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Does governor have too much power?

Whitmer Elected Governor After Moving to W.Va.

Imagine that headline showing up in the paper sometime in the future. For many Mountain State residents, it isn’t a pleasant thought. After seeing how Gretchen Whitmer has handled her duties as governor of Michigan during the past few months, many of us in the “Mountaineers Always Free” state wouldn’t want her as governor.

But more people than you may think would be happy with her, or someone who thinks much like her. What if that someone happens to be governor when, say, the COVID-31 epidemic strikes?

Whitmer ordered Michiganders to obey much more severe lockdown rules than Gov. Jim Justice required here in West Virginia.

By June 12, when we in the Mountain State had been allowed to go shopping for weeks, Whitmer still required Michiganders to do so by appointment only. In early June, she relaxed her earlier ban on gatherings of people, allowing them for 10 or fewer individuals. By then, Justice was permitting crowds of 100 here.

Whitmer’s draconian orders earlier in the epidemic raised eyebrows all over the nation. You could mow your own lawn, but not pay someone to do so. Family gatherings were banned, except for those sharing a home. For recreation, you could paddle your canoe, but not take your motorboat out. Want to paint your Michigan home while you’re not allowed to go to work? Nope, said Whitmer. Home improvement stores weren’t allowed to sell paint.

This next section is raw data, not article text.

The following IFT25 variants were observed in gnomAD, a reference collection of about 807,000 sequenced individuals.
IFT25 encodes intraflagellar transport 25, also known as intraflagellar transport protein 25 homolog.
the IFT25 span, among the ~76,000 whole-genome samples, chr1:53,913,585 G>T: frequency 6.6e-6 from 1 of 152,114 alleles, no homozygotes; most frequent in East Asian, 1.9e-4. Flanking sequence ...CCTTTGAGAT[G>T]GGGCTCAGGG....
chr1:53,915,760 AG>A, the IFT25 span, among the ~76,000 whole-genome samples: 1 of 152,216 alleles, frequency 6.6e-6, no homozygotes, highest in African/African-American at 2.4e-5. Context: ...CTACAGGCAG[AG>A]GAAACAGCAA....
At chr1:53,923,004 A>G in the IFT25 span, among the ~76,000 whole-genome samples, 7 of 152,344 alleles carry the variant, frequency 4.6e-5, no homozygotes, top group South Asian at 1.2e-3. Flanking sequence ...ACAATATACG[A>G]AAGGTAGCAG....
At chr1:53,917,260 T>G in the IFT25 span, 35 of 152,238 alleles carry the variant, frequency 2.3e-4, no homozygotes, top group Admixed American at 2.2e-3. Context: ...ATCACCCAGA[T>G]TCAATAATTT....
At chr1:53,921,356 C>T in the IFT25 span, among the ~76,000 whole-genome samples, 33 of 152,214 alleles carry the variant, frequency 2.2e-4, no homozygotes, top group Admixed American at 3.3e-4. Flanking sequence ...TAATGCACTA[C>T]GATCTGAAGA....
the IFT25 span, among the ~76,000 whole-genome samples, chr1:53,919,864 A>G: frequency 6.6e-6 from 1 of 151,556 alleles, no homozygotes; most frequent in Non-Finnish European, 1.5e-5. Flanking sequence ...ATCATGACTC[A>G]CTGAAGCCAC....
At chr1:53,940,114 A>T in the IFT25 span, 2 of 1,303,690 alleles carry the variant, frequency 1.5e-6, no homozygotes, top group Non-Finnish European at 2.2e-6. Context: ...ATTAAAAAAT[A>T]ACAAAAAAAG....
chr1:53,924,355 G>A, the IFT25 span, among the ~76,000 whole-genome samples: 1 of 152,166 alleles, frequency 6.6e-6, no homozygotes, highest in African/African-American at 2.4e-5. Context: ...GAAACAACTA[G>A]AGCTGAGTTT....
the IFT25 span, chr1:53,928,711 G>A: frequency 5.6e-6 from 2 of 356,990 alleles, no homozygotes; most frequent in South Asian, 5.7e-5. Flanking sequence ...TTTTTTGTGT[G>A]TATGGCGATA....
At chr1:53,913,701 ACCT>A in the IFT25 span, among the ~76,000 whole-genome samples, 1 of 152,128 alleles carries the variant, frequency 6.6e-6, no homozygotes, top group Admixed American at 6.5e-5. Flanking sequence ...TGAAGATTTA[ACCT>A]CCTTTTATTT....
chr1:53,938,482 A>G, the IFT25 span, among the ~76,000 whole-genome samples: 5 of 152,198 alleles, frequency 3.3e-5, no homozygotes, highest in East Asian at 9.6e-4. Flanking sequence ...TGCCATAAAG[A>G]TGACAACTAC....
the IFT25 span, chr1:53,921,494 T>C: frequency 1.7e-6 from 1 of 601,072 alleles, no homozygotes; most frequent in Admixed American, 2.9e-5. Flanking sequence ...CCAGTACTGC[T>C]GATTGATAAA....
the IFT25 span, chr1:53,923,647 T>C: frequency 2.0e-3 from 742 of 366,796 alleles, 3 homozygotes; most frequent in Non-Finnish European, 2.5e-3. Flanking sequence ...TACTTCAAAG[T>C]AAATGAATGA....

Even worse was reported from other states. Perhaps the most outrageous came from Colorado, where a dad was arrested for playing with his daughter on a softball field.

None of that could happen here, right? Wrong.

State law gives governors exceedingly broad powers during emergencies. And the governor decides whether an emergency exists.

In addition to specific powers, Chapter 15, Article 5 of state code provides that during an emergency, the governor can “perform and exercise other functions, powers and duties that are necessary to promote and secure the safety and protection of the civilian population.”

So, yes, Justice could have exercised Whitmer-like power, had he chosen to do so. Interestingly, the one thing state law specifically prohibits a governor from doing is taking your guns away, except under very limited circumstances (such as if you’re using them to commit a crime).

Do we need more curbs on a governor’s emergency power in West Virginia? It’s worth talking about, especially considering the fact that a chief executive running amok could be stopped only by a concurrent resolution approved by both chambers of the Legislature. Getting a special session together takes time.

We’ve been lucky in the Mountain State. Justice has been restrained in his use of orders meant to battle COVID-19. So let’s talk now about how free Mountaineers should be during an emergency. It’s better to anticipate and prevent a problem you don’t have yet than to wait until you have a Whitmer in office.

Her defenders may insist COVID-19’s threat justified her actions, to save lives. Were they effective?

Judge for yourself: The COVID-19 death rate in Michigan has, to date, been roughly 12 times as high as that in West Virginia.

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